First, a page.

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D. Pedro. In every thing but in loving Benedick. Leon. O! my lord, wisdom and blood combating in so tender a body, we have ten proofs to one, that blood hath the victory. I am sorry for her, as I have just cause, being her uncle and her guardian.

on me;

D. Pedro. I would she had bestowed this dotage I would have daff'd 10 all other respects, and made her half myself: I pray you, tell Benedick of it, and hear what he will say.

Leon. Were it good, think you?

Claud. Hero thinks surely she will die for she says she will die if he love her not; and she will die ere she make her love known; and she will die if he woo her, rather than she will 'bate one breath of her accustomed crossness.

D. Pedro. She doth well: if she should make tender of her love, 'tis very possible he'll scorn it; for the man, as you know all, hath a contemptible" spirit.

Claud. He is a very proper man.

D. Pedro. He hath, indeed, a good outward happiness.

Claud. 'Fore God, and in my mind very wise. D. Pedro. He doth, indeed, show some sparks that are like wit.

Leon. And I take him to be valiant.

D. Pedro. As Hector, I assure you: and in the managing of quarrels you may say he is wise; for either he avoids them with great discretion, or undertakes them with a most Christian-like fear.

Leon. If he do fear God, he must necessarily

10 To duff is the same as to do off, to doff, to put aside. 1 That is, contemptuous. The active and passive adjectives were often used indiscriminately.


keep peace if he break the peace, he ought to enter into a quarrel with fear and trembling.

D. Pedro. And so will he do; for the man doth fear God, howsoever it seems not in him by sme large jests he will make. Well, I am sorry for your niece: Shall we go seek Benedick, and tell him of her love?

Claud. Never tell him, my lord: let her wear it out with good counsel.

Leon. Nay, that's impossible; she may wear her heart out first.

D. Pedro. Well, we will hear further of it by your daughter let it cool the while. I love Benedick well; and I could wish he would modestly examine himself, to see how much he is unworthy to have so good a lady.

Leon. My lord, will you walk ? dinner is ready. Claud. [Aside.] If he do not dote on her upon this, I will never trust my expectation.

D. Pedro. [Aside.] Let there be the same net spread for her; and that must your daughter and her gentlewomen carry. The sport will be, when they hold one an opinion of another's dotage, and no such matter; that's the scene that I would see, which will be merely a dumb show. Let us send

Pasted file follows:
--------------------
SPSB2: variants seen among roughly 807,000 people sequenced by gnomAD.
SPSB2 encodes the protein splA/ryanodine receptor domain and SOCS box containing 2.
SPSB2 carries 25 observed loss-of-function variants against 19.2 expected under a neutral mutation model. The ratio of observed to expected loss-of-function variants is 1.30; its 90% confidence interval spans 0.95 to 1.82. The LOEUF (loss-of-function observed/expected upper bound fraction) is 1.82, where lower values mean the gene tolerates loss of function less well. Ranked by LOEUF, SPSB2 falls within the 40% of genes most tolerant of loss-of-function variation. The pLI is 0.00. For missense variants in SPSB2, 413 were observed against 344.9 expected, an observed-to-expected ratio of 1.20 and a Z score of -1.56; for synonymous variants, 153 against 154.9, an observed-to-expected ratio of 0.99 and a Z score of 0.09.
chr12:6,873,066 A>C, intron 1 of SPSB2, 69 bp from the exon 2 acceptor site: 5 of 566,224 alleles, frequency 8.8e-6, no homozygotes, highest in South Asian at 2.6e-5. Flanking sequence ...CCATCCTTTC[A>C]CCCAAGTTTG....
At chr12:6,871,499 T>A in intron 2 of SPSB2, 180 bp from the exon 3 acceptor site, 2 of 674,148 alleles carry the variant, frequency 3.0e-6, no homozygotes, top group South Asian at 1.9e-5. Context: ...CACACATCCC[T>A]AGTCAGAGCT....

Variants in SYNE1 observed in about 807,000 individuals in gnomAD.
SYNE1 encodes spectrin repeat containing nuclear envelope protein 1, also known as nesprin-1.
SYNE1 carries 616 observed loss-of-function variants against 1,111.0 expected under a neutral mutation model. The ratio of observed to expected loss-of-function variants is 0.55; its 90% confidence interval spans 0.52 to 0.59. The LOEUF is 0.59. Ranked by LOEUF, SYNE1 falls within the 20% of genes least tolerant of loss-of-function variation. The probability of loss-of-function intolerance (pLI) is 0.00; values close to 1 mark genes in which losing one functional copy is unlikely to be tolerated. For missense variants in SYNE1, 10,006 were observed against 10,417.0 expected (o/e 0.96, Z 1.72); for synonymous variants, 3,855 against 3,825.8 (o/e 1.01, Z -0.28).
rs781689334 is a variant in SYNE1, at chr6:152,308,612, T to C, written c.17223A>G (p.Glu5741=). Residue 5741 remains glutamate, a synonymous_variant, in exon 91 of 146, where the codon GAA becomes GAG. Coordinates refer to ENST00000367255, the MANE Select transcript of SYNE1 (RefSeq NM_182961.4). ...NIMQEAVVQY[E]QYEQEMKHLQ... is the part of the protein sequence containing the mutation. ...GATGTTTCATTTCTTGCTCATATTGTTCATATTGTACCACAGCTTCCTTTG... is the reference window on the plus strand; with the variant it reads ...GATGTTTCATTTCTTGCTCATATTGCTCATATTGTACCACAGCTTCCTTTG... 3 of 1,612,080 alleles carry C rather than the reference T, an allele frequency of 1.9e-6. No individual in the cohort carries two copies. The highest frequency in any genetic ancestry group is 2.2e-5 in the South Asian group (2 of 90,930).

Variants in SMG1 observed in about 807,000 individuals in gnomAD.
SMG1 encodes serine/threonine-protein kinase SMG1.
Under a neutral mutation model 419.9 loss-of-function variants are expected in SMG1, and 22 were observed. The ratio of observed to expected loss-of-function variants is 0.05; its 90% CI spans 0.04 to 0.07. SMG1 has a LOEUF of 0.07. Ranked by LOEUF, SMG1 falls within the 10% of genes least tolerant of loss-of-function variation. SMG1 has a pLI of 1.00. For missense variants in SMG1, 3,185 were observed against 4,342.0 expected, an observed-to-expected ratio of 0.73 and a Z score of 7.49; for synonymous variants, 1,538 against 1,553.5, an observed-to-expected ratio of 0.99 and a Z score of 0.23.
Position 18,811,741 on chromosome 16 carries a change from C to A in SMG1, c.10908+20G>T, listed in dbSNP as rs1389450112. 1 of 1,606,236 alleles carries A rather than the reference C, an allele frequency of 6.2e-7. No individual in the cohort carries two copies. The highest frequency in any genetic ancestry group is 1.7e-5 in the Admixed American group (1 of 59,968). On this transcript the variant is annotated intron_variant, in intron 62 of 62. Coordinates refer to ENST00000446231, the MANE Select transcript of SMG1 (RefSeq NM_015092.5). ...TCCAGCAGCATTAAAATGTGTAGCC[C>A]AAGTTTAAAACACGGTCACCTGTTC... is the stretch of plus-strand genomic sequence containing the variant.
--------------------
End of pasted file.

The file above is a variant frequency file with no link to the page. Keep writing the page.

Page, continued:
her to call him in to dinner.

[Exeunt Don PEDRO, CLAUDIO, and LEONATO. Bene. [Advancing from the arbour.] This can be no trick: The conference was sadly borne.12 They have the truth of this from Hero. They seem to pity the lady: it seems, her affections have their full bent. Love me! why, it must be requited I hear how I am censur'd: they say I will bear myself proudly, if I perceive the love come from

12 Seriously carried on.

her they say, too, that she will rather die than give any sign of affection. I did never think to marry:

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-I must not seem proud. - Happy are they that hear their detractions, and can put them to mending. They say the lady is fair; 'tis a truth, I can bear them witness: and virtuous; 'tis so, I cannot reprove it and wise, but for loving me: - by my troth, it is no addition to her wit; -nor no great argument of her folly, for I will be horribly in love with her. I may chance have some odd quirks and remnants of wit broken on me, because I have rail'd so long against marriage: But doth not the appetite alter? A man loves the meat in his youth that he cannot endure in his age. Shall quips, and sentences, and these paper bullets of the brain, awe a man from the career of his humour! No: The world must be peopled. When I said I would die a bachelor, I did not think I should live till I were married. Here comes Beatrice By this day, she's a fair lady: I do spy some marks of love in her.